Hauling heavy loads, making deliveries, and getting the job done, your work truck takes on a lot of wear and tear over time. It’s important to keep up with a regular maintenance schedule in order to prevent further problems down the road and ultimately save time and money. If you notice any irregularities or issues with truck parts, you can take care of the problem yourself or take it to a certified and experienced mechanic for repair and proper care. Commercial Truck Trader is sharing nine common big rig problems and repairs.
1. Engine Overheating
Especially with older trucks, engine overheating is a common problem that can lead to serious vehicle damage. In a worst case scenario, it can cause your engine to fail. Corrosion to engine parts, overloading your truck, or running your engine non-stop on long distance journeys can cause your engine to overheat. There are a number of possible causes for your engine running too hot, including a blown gasket, fuel tank damage, or simply not changing your oil or coolant. You can check under the hood to see if you can identify what exactly is wrong, but when it comes to your engine, it may be best to have a mechanic pinpoint the problem.
2. Starter Failure
You’ll immediately notice starter failure or starter problems with your vehicle’s ignition when your truck won’t properly start, or run at all. This occurs more often in cold weather, and can be prevented by winterizing your commercial vehicle. Starter failure can also come from hauling too heavy of a load with your truck or when it’s not receiving enough voltage from a battery. You can find a replacement battery or take it to a mechanic and run a diagnostic on the vehicle to see if there may be another issue with the starter.
3. U-Joint Failure
Universal joints, or u-joints, transfer power from the transmission to the differentiator in your work truck. You want to keep u-joints lubricated to prevent corrosion and damage over time. You’ll notice a problem with the u-joints when you hear a clicking noise or feel irregular vehicle vibrations while you drive. If you experience this with your vehicle, replace your u-joints as soon as possible.
4. Brake Problems
Larger trucks, like freightliner trucks, that carry heavy duty loads will likely encounter brake problems earlier with either brake pedals or the braking system, so it’s important to know when you may need to replace your brakes. Brake fluid leaks are common and total brake failure can happen, which you never want to occur while you’re on the job. Get your brakes checked by a mechanic and replace them with any sign of wear and tear.
5. Wheels and Tires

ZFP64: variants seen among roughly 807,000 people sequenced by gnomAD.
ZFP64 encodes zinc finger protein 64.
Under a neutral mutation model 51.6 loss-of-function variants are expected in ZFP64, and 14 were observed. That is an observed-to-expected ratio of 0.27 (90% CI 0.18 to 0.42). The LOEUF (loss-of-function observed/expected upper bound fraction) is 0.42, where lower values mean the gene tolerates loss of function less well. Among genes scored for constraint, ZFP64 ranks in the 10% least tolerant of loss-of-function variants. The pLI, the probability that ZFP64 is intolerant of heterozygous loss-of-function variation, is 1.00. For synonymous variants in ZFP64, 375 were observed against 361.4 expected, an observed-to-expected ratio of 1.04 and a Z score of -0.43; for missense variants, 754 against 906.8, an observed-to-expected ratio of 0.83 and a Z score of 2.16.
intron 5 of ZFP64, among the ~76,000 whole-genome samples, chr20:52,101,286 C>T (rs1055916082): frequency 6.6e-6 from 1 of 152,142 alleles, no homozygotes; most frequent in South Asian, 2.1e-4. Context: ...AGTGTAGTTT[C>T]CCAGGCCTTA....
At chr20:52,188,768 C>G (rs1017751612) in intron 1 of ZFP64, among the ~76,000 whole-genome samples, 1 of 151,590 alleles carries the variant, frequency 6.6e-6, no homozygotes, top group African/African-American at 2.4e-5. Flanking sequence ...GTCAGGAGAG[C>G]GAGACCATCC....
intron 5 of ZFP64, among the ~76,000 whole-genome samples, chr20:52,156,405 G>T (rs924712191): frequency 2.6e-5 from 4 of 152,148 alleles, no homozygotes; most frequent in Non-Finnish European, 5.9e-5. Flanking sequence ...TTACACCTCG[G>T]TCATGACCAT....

There are many common causes of truck tire damage. Your tire tread grooves should be deep and pronounced, because if they’re shallow, the tire may be easier to puncture if you drive over debris on the road. Wheel bearings, which prevent friction between your tires and the road, can experience degrading over time. If there’s noise coming from the wheel wells as you drive, or loss of control as you drive, this may mean you need to replace them. Always keep a spare tire with you, change your tires regularly after reaching a set mileage, and make sure that they’re properly inflated and aligned, and that the tread isn’t worn down.
6. Electrical Issues
Your truck battery (or multiple batteries depending on the size of your rig) is essential to the parts that keep your truck moving. You’ll notice issues when lights are flickering, when there’s clicking coming from the ignition, or when the vehicle isn’t starting. Any issues to your alternator, batteries, or cables may be the cause. It’s recommended you take your truck to a mechanic or technician to determine if you need a battery replacement or if there may be something wrong with an individual electrical part.
7. Lights and Wipers
Driving through harsh conditions and long routes, your lights and wipers will degrade over time after heavy use. However, this should be an easy fix. Make sure your lights are in working order before journeys so they can safely maintain your visibility while driving at night or through inclement weather. Double check all the bulbs in your brake lights and turn signals. Over time, you will have to get your lights either readjusted or replaced. When you notice streaks on your windshield, it’s an indicator that it’s time to change out your wipers and check your windshield wiper fluid.
8. Clutch Problems
For trucks with manual transmissions, the clutch may experience problems when it’s improperly used or overloaded, or when your truck has an oil leak. If you’re having any problems with your clutch, check your towing weight capacity and make sure you’re not overloading. Prevent your clutch from malfunctioning by always practicing correct driving habits with your vehicle. Ensure you’re shifting to the right gears as you drive, depending on the weight, speed, and road conditions.
9. Refrigeration System Malfunctioning
For new and used reefer trucks, drivers can monitor their truck’s refrigeration system for any problems that may prevent the truck from keeping the trailer’s freezing temperatures for shipments. Always monitor gauges in the cab of the truck to make sure they’re getting an accurate reading. Keep up with regular maintenance with the reefer and check your owner’s manual for the vehicle to see that all of its components are working.
As a reminder, have a certified inspector perform an official inspection of your vehicle annually to make sure it’s in working order. Keep up with regular maintenance to tackle any problems that may cause more serious issues in the future. And if you’re ready to purchase a new or used commercial vehicle, be sure to see the nation’s largest inventory on CommercialTruckTrader.com and our sister site NextTruckOnline.com.